By Stella Joseph-Jarecki (Enquiries: stellamusicwriter.wordpress.com)
I had the chance to speak to Bethany Clarkson, a young pianist and piano teacher currently studying at Melbourne Conservatorium of Music. In September 2019, Bethany organised and staged an interactive music gameshow for children called The Treblemakers. This show was made possible through the efforts of a team of like-minded music students, and a grant from careers and entrepreneurship program MCM Ignite Lab.
I was so impressed by Bethany’s passion for music education when I saw her present at the 2019 Ignite Lab showcase, that I knew I wanted to interview her for Fever Pitch Magazine. Bethany currently offers piano lessons in Narre Warren along with a range of accompanying services. You can find her details on her website.
When did you start to realize that you wanted to pursue music more seriously than a hobby?
It was actually quite late for me. I initially thought I wanted to be an artist, because I liked to draw. Which is a questionable reason to want to take it to university!
My circumstances changed a lot when my own piano teacher passed on some students to me. She would always do stuff like that, she was forever a learner. So I took on the students. I was terrified at first, but I really enjoyed myself. And by the end of the third lesson I realized, this is what I have to be doing with my life. I was like, yeah, that’s it!
Then I was like, okay, what do I do now, where do I go now? I had to really assess where I would be studying next based on what was going to be profitable for me. I think I entered university with a different mindset to a lot of other students because I was very career-oriented. And focused on what was absolutely essential for me to become a music teacher. I’ve been sculpting my study experience that way.
So for you, a career in music education is definitely what you are striving for?
Yes! Even with my undergrad subjects, I’ve been very specific with selecting subjects with the focus of, what is going to be more useful to me. So no gamelan ensemble, stuff like that…
A lot of young people get thrust into the idea of, okay, you’ve got to go to uni now, while they’re still working out who they are as people. But thankfully I was given a bit more of a vision.
Are there particular areas of music education that you’re really interested, perhaps focusing more on the instrumental teaching side of things, or classroom teaching alongside instrumental teaching?
I love teaching from home because I love the connection that you can have with children. When their face lights up because they learnt something new and it was really cool to them. I’m also a massive music history nerd, I grew up listening to classical music from a very young age. My mum would just stick it on just as background music and I ended up getting really obsessed. So I love the chance to bring that to young students.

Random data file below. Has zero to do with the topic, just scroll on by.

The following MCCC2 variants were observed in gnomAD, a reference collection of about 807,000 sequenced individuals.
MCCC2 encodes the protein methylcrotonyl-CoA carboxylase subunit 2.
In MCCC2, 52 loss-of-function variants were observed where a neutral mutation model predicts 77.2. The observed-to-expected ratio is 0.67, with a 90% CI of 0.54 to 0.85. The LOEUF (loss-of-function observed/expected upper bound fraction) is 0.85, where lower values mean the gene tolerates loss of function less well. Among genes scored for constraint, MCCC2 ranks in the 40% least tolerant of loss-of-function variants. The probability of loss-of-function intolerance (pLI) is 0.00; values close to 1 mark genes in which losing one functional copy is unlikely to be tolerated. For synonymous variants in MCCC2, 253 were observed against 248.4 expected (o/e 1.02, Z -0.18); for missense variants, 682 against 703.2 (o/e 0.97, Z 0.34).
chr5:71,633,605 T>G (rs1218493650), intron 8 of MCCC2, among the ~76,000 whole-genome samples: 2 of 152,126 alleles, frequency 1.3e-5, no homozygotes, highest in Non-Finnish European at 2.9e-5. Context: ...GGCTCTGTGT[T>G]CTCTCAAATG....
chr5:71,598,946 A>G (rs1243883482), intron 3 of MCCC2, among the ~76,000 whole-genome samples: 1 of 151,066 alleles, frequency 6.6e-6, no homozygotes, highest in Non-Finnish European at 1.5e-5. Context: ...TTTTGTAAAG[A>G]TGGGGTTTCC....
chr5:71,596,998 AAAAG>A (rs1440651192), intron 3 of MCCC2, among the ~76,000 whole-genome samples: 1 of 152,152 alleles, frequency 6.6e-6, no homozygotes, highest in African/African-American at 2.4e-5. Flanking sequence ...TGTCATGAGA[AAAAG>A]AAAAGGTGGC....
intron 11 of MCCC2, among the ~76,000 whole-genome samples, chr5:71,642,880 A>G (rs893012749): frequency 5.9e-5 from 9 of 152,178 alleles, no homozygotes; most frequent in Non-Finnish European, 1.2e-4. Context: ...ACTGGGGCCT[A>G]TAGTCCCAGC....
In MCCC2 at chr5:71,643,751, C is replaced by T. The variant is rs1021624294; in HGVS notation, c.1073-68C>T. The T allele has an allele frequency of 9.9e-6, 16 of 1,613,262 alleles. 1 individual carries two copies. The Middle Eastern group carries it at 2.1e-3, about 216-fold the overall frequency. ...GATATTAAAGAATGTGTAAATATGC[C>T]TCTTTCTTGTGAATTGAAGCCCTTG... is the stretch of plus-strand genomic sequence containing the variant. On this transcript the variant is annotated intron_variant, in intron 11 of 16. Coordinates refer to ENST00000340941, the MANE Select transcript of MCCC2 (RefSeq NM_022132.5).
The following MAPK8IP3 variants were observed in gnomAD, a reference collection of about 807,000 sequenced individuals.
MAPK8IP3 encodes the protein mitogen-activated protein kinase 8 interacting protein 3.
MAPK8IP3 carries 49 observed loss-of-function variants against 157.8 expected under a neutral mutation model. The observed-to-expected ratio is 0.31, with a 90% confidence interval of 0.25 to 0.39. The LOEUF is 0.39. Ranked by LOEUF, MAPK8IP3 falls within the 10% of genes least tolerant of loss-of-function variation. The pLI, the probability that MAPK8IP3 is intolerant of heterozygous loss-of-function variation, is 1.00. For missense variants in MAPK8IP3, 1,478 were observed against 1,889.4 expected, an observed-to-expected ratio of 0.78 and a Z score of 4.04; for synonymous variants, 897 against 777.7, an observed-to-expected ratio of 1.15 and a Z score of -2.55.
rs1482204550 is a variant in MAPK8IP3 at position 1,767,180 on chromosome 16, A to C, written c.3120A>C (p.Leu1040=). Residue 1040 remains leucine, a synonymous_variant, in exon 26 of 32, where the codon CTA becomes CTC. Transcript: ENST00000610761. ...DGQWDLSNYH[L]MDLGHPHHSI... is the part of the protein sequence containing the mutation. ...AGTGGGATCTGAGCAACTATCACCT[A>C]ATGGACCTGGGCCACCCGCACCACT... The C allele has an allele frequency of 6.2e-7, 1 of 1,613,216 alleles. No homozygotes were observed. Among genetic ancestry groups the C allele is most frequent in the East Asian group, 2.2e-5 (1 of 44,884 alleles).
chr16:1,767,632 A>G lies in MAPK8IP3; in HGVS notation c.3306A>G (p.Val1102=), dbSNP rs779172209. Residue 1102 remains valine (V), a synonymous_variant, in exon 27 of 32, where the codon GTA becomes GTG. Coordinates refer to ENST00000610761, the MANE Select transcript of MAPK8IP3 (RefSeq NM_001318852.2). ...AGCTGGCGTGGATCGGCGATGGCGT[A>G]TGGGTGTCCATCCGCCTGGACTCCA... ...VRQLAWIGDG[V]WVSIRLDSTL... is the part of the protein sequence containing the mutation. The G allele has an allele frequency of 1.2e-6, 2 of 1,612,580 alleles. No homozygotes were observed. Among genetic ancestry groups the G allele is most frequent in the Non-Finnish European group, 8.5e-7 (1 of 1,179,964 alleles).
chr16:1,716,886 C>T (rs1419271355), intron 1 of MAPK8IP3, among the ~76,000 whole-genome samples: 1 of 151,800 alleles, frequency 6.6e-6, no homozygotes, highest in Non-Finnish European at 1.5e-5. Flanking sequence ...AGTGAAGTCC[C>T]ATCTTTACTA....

I would love to hear more about the interactive music show you created for children. You mounted a performance of this show in September 2019 with the help of a grant from Melbourne University’s Ignite Lab program (then run by Susan Eldridge).
So the show was called The Treblemakers, and it combined what I was speaking about before, the idea of music and music history being fun and interesting. I wanted to present those things to children in the form of an interactive games-filled show, incorporating fun characters and a lot of silliness.
The first hour was broken up into fifteen minute chunks. Each chunk was devoted to a different category of classical music. For the Baroque section we talked about Bach, the development of opera, stuff like that. And then we had a game where the children would all contribute their own sound effect, like a fart noise or clapping their hands or whatever they wanted, and then our sound engineer Dan Johnson turned it into music. Which they adored!
One little boy was hilarious, as soon as he heard his own voice being played back, he quickly blocked his eyes and ducked his head down. I was so nervous during the show, but one thing which cheered me up was hearing some child singing Hallelujah, *fart noise*, Hallelujah, fart noise* as their chosen sound!
For the Romantic era game we did a quiz where we played excerpts and the kids had to pick what the pieces were called from a list of names. So we played Chopin’s Winter Wind, which starts out peacefully and then it goes nuts, and the options for possible titles were Sleeping Peacefully, The Happy Little Thing, Winter Wind and Getting in Trouble, that sort of thing.
The show was made possible through the efforts of a fantastic team. Everyone had their own job and put in an amazing effort.
- Uma Dobia (Creative Design lead, scriptwriter)
- Athaya Anaduta (Creative Design team member, Powerpoint designer)
- Dan Johnson (Sound Design lead, game technician)
- Holly Defina (Sound Design member, accompanist)
- Malak Usama (Marketing Design lead, basically all design work!)
- Rosie Yang (Marketing Design member, Facebook management)
- Anji Dang (Production member, helped me with everything, especially team management)
- Isaac Williams, Allen Ru, Esther Battersby (performers)